Scenario analyses involve, among other things, identifying financial impacts by means of tailored assessments of risks and opportunities and estimating the impact on our financial standing of trends in the legal frameworks by country; carbon taxes; the emissions trading market; future projections of energy costs; capital investment and environmental measures.
Based on the results of impact assessments using scenario analyses, the Kawasaki Group drafts and implements measures to mitigate climate change risks in the medium to long term and promotes initiatives to utilize them in management decision making.
Specifically, at a Business Direction Briefing in December 2021, we declared our commitment to achieving Scope 1 and 2 carbon neutrality by 2030 at domestic business sites (including Group companies). In addition, we are earnestly pursuing initiatives with a view to prompt development of a hydrogen supply chain for our businesses. As well as promoting the development of products with a low environmental load as part of the Kawasaki Ecological Frontiers system (formerly the Kawasaki-brand Green Products system), an internal system for certifying environment-friendly products, we are further working to minimize climate change risks by means of the parallel development of products that do not produce CO2 even during their use, such as 100% hydrogen-fueled gas turbine and hydrogen-fueled aircraft. Also, prior to this, in 2017, in the Kawasaki Global Environmental Vision 2050, we declared our commitment to achieving Group-wide zero CO2 emissions from business activities by 2050, since when we have promoted various initiatives to cut CO2 emissions.
(2) The internal environment: From our business activities
→Quality control and quality assurance risks
|Strengthening contract management
|Securing and developing human resources
→Risk of shortage of human resources and personnel
|Strengthening and maintaining appropriate levels of cyber security
→Cyber security risks
→Governance and compliance risks
Response to Cyber Security Risk
|Overview of Risk||Recently cyberattacks in Internet space are becoming more sophisticated worldwide, and the threats from cyberterrorism, large-scale information leakage, fraudulent business emails using computer viruses, and so on are increasing. In particular, smart factories utilizing digital technology are becoming common at plants and other production sites. But while such facilities substantially boost productivity, they also run the risk of exerting a major impact on business activities through, for example, the stoppage of production activities and suspension of operations due to cyberattacks.|
The Kawasaki Group is promoting the digital transformation (DX) of its plants and also pursuing initiatives to enable plant visualization by means of networks. We are also aiming for uninterrupted plant operations even in the event of accidents or other problems, as well as the connection of plants throughout the entire value chain. Meanwhile, cyberattacks on servers and malware attacks, which render illegal actions on company servers, are increasing year by year, and such cyberattacks have the potential to suspend production.
Furthermore, even if our own cyber security systems are foolproof, a cyberattack originating in our supply chain has a potential knock-on impact on Kawasaki Group operations. Therefore, we emphasize the necessity to implement cyber security measures not just at Kawasaki but throughout our supply chain. In particular, given that we manufacture products relating to public infrastructure and the defense industry, there is a danger that, in the event of a cyberattack, confidential information of not only the Kawasaki Group itself but also customers may be leaked, so we believe that cyber security measures are extremely important.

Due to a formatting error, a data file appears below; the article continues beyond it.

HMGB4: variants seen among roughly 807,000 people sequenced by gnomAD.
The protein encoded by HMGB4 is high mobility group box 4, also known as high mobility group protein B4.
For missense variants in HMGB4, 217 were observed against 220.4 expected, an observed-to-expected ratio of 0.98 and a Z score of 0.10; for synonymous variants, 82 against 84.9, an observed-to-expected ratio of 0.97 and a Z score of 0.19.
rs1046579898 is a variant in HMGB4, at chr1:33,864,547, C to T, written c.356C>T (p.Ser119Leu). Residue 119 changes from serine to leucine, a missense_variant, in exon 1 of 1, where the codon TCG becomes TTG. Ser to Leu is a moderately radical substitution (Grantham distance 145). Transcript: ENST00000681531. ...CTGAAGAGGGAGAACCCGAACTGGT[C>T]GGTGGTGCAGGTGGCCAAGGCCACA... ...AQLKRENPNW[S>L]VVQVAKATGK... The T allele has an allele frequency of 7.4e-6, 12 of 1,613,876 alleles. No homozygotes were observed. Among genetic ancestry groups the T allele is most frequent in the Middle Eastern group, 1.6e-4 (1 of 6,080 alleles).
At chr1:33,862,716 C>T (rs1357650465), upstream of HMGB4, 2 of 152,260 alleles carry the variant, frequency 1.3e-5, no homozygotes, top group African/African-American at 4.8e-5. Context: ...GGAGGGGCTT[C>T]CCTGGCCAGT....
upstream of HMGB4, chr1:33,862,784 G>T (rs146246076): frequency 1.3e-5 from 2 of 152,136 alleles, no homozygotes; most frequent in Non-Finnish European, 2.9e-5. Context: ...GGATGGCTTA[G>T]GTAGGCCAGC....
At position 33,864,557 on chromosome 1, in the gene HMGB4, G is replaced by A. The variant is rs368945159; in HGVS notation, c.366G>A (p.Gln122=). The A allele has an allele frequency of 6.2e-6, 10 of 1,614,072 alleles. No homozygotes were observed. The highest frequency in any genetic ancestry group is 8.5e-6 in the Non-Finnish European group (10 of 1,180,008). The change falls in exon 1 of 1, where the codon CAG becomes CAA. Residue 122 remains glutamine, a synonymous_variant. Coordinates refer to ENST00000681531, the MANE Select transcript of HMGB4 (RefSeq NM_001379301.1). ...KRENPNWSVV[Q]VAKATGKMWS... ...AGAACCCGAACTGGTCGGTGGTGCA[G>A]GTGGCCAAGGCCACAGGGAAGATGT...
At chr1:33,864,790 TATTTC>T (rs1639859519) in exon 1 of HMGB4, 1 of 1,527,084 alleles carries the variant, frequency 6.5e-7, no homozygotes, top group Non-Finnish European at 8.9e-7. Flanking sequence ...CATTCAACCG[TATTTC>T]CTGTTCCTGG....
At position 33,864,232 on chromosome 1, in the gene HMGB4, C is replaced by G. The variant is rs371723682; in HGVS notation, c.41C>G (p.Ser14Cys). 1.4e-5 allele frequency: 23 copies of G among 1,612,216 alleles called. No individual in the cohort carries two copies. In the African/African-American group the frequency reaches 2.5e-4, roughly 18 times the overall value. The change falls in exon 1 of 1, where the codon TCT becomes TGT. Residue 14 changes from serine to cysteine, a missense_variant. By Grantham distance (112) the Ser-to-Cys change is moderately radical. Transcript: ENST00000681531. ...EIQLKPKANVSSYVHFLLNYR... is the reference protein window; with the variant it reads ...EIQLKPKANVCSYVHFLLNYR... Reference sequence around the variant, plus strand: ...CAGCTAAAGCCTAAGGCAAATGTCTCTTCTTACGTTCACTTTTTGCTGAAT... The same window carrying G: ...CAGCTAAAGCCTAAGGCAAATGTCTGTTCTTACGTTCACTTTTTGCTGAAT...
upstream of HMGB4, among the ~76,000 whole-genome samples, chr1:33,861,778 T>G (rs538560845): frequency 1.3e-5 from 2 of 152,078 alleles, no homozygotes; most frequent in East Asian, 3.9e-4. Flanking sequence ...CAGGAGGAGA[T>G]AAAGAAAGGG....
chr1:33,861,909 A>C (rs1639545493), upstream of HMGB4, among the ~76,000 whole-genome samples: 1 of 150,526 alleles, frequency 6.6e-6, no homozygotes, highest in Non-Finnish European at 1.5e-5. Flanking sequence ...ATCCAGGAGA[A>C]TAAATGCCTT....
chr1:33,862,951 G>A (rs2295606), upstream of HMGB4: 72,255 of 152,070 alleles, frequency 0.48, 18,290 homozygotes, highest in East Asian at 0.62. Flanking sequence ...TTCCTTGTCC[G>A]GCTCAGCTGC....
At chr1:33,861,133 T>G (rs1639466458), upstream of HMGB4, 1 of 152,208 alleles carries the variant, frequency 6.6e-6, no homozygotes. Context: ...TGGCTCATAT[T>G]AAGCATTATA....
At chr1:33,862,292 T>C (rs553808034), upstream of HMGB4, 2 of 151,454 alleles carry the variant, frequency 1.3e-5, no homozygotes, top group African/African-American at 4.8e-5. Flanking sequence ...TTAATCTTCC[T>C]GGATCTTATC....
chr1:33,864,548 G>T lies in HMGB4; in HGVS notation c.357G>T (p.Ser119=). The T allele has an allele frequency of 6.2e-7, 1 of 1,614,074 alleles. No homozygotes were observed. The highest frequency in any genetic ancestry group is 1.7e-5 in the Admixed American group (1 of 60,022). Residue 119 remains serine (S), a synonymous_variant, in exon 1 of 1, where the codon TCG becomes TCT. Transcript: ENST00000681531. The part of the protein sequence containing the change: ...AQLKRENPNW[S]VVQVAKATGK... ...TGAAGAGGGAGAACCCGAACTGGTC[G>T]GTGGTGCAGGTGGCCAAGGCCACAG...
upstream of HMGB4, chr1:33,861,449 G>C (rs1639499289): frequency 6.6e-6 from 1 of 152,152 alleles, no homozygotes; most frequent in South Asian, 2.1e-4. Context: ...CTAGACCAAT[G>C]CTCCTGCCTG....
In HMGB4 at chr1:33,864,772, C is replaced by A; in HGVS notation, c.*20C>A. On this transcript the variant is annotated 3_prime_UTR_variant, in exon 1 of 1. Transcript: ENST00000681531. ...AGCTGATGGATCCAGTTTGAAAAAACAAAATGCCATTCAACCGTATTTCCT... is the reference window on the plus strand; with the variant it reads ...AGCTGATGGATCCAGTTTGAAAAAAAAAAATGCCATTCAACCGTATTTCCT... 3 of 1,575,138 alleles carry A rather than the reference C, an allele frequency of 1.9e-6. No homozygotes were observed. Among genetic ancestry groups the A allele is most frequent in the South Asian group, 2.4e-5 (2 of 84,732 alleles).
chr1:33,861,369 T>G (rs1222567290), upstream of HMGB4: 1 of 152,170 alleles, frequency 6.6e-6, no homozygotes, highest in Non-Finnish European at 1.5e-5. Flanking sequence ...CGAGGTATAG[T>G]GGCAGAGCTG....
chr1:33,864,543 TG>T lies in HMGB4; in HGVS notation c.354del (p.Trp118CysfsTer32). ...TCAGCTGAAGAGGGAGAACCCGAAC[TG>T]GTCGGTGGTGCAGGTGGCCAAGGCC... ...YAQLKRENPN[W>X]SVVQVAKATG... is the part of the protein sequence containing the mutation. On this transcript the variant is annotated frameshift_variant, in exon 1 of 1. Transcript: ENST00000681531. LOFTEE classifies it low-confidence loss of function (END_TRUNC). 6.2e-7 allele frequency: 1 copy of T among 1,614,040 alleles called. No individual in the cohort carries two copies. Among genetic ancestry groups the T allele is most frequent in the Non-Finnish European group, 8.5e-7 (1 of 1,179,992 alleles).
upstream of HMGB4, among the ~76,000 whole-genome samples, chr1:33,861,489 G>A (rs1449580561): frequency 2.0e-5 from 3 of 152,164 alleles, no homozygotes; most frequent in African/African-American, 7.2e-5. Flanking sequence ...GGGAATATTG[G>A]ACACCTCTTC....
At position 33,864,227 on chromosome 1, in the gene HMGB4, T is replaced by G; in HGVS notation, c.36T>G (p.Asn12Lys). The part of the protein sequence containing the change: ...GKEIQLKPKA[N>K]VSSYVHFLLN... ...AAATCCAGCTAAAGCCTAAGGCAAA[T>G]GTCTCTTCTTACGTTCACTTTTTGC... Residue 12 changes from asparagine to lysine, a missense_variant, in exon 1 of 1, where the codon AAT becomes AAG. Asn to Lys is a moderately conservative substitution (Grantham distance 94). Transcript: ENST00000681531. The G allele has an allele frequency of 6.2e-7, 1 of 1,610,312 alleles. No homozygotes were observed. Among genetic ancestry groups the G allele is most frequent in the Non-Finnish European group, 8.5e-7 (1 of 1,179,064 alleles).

We are currently in the process of drafting a global security policy conforming with the National Institute of Standards and Technology (NIST) cyber security framework, and we plan to update all regulations relating to information security aligned with this policy as part of our measures to deal with cyber security risks.
We are steadily building a technical defense mechanism conforming with the NIST cyber security framework and a defense system that operates 24 hours a day and all year round. We are also steadily promoting education and awareness raising among employees with regard to these policies, regulations, and technical defense mechanisms.
In addition, we are implementing countermeasures for issues as they come to light following analyses of the current situations at respective production sites.
Kawasaki has completed a campaign to alert our major suppliers on cyber security measures for the supply chain through procurement departments and is preparing to publish information security guidelines for suppliers.
Risk Management Training and Awareness Building
Kawasaki explains the importance of risk management in its grade-specific training programs for employees. In addition, our commitment to improving our enterprise value based on the guiding principles of "selective focusing of resources," "emphasis on quality over quantity," and "risk management" is clearly stated in the Kawasaki Group Management Principles, part of the Kawasaki Group Mission Statement. We also post the Mission Statement at work areas and distribute Mission Statement cards to employees to build awareness of these principles.
Checking and Reporting of Potential Risks Caused by Employees
We have established and operate the Compliance Reporting and Consultation System for the domestic Kawasaki Group to identify any potential risks that may exist at the employee level.
The Kawasaki Group's Risk Management Regulations contain crisis management provisions set out in readiness for the emergence of a risk.
These regulations set forth behavioral guidelines and response systems that serve to protect lives and preserve assets, minimize damage and loss, and expedite the resumption of business activities in the event of unplanned interruption.